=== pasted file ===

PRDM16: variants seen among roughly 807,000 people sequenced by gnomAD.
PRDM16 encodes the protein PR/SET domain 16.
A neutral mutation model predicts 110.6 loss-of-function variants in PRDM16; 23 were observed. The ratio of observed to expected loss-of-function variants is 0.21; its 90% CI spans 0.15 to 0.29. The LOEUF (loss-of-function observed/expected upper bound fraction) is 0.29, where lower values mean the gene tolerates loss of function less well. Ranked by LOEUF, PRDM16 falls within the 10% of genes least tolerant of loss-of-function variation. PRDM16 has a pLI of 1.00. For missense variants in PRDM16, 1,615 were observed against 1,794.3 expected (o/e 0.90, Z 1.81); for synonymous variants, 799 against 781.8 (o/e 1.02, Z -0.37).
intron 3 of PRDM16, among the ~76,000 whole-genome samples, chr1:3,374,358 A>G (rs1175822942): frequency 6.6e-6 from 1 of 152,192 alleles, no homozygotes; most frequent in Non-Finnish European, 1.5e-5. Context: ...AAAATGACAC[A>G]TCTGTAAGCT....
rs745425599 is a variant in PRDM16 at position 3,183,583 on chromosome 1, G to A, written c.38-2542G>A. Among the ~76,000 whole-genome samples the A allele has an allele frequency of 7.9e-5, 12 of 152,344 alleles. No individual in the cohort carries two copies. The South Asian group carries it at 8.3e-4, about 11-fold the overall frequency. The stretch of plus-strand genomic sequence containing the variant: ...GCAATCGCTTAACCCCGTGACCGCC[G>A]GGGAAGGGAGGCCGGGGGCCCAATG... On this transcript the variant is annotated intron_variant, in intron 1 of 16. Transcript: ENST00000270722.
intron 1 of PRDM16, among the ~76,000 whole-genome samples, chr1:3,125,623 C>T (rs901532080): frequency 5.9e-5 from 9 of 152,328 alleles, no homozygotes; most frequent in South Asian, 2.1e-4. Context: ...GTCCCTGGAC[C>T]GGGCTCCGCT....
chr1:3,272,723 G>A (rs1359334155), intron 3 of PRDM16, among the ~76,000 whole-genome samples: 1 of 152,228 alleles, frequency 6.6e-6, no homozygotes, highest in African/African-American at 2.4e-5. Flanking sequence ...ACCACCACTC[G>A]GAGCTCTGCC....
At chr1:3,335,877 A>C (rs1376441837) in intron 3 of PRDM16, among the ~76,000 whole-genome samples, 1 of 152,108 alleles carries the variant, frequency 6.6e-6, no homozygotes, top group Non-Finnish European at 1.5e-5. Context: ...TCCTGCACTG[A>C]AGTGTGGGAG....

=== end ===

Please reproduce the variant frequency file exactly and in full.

PRDM16: variants seen among roughly 807,000 people sequenced by gnomAD.
PRDM16 encodes the protein PR/SET domain 16.
A neutral mutation model predicts 110.6 loss-of-function variants in PRDM16; 23 were observed. The ratio of observed to expected loss-of-function variants is 0.21; its 90% CI spans 0.15 to 0.29. The LOEUF (loss-of-function observed/expected upper bound fraction) is 0.29, where lower values mean the gene tolerates loss of function less well. Ranked by LOEUF, PRDM16 falls within the 10% of genes least tolerant of loss-of-function variation. PRDM16 has a pLI of 1.00. For missense variants in PRDM16, 1,615 were observed against 1,794.3 expected (o/e 0.90, Z 1.81); for synonymous variants, 799 against 781.8 (o/e 1.02, Z -0.37).
intron 3 of PRDM16, among the ~76,000 whole-genome samples, chr1:3,374,358 A>G (rs1175822942): frequency 6.6e-6 from 1 of 152,192 alleles, no homozygotes; most frequent in Non-Finnish European, 1.5e-5. Context: ...AAAATGACAC[A>G]TCTGTAAGCT....
rs745425599 is a variant in PRDM16 at position 3,183,583 on chromosome 1, G to A, written c.38-2542G>A. Among the ~76,000 whole-genome samples the A allele has an allele frequency of 7.9e-5, 12 of 152,344 alleles. No individual in the cohort carries two copies. The South Asian group carries it at 8.3e-4, about 11-fold the overall frequency. The stretch of plus-strand genomic sequence containing the variant: ...GCAATCGCTTAACCCCGTGACCGCC[G>A]GGGAAGGGAGGCCGGGGGCCCAATG... On this transcript the variant is annotated intron_variant, in intron 1 of 16. Transcript: ENST00000270722.
intron 1 of PRDM16, among the ~76,000 whole-genome samples, chr1:3,125,623 C>T (rs901532080): frequency 5.9e-5 from 9 of 152,328 alleles, no homozygotes; most frequent in South Asian, 2.1e-4. Context: ...GTCCCTGGAC[C>T]GGGCTCCGCT....
chr1:3,272,723 G>A (rs1359334155), intron 3 of PRDM16, among the ~76,000 whole-genome samples: 1 of 152,228 alleles, frequency 6.6e-6, no homozygotes, highest in African/African-American at 2.4e-5. Flanking sequence ...ACCACCACTC[G>A]GAGCTCTGCC....
At chr1:3,335,877 A>C (rs1376441837) in intron 3 of PRDM16, among the ~76,000 whole-genome samples, 1 of 152,108 alleles carries the variant, frequency 6.6e-6, no homozygotes, top group Non-Finnish European at 1.5e-5. Context: ...TCCTGCACTG[A>C]AGTGTGGGAG....